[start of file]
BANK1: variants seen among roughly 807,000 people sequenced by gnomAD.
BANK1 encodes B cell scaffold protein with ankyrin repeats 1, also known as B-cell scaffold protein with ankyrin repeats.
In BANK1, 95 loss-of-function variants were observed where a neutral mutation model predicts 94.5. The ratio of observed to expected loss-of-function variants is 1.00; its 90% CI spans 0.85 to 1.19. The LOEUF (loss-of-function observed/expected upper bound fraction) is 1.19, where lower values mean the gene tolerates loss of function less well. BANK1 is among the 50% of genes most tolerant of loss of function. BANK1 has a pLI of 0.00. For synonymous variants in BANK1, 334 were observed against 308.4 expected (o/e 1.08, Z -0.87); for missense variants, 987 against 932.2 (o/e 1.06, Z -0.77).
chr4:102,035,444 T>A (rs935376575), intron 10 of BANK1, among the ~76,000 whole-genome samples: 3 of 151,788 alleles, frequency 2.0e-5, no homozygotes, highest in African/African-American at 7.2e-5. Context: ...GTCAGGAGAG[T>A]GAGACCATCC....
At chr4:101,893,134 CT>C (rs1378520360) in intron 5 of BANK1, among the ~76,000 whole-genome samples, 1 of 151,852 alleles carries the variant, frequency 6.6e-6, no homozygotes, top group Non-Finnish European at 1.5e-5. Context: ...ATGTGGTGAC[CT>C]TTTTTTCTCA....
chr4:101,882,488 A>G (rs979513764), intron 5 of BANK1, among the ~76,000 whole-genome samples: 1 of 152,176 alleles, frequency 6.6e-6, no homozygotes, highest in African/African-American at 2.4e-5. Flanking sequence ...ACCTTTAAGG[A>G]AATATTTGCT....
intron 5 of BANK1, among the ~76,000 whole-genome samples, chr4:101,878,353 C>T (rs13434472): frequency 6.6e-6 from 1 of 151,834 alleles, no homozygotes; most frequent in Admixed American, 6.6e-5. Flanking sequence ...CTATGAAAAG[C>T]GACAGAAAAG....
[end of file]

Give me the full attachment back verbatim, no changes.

BANK1: variants seen among roughly 807,000 people sequenced by gnomAD.
BANK1 encodes B cell scaffold protein with ankyrin repeats 1, also known as B-cell scaffold protein with ankyrin repeats.
In BANK1, 95 loss-of-function variants were observed where a neutral mutation model predicts 94.5. The ratio of observed to expected loss-of-function variants is 1.00; its 90% CI spans 0.85 to 1.19. The LOEUF (loss-of-function observed/expected upper bound fraction) is 1.19, where lower values mean the gene tolerates loss of function less well. BANK1 is among the 50% of genes most tolerant of loss of function. BANK1 has a pLI of 0.00. For synonymous variants in BANK1, 334 were observed against 308.4 expected (o/e 1.08, Z -0.87); for missense variants, 987 against 932.2 (o/e 1.06, Z -0.77).
chr4:102,035,444 T>A (rs935376575), intron 10 of BANK1, among the ~76,000 whole-genome samples: 3 of 151,788 alleles, frequency 2.0e-5, no homozygotes, highest in African/African-American at 7.2e-5. Context: ...GTCAGGAGAG[T>A]GAGACCATCC....
At chr4:101,893,134 CT>C (rs1378520360) in intron 5 of BANK1, among the ~76,000 whole-genome samples, 1 of 151,852 alleles carries the variant, frequency 6.6e-6, no homozygotes, top group Non-Finnish European at 1.5e-5. Context: ...ATGTGGTGAC[CT>C]TTTTTTCTCA....
chr4:101,882,488 A>G (rs979513764), intron 5 of BANK1, among the ~76,000 whole-genome samples: 1 of 152,176 alleles, frequency 6.6e-6, no homozygotes, highest in African/African-American at 2.4e-5. Flanking sequence ...ACCTTTAAGG[A>G]AATATTTGCT....
intron 5 of BANK1, among the ~76,000 whole-genome samples, chr4:101,878,353 C>T (rs13434472): frequency 6.6e-6 from 1 of 151,834 alleles, no homozygotes; most frequent in Admixed American, 6.6e-5. Flanking sequence ...CTATGAAAAG[C>T]GACAGAAAAG....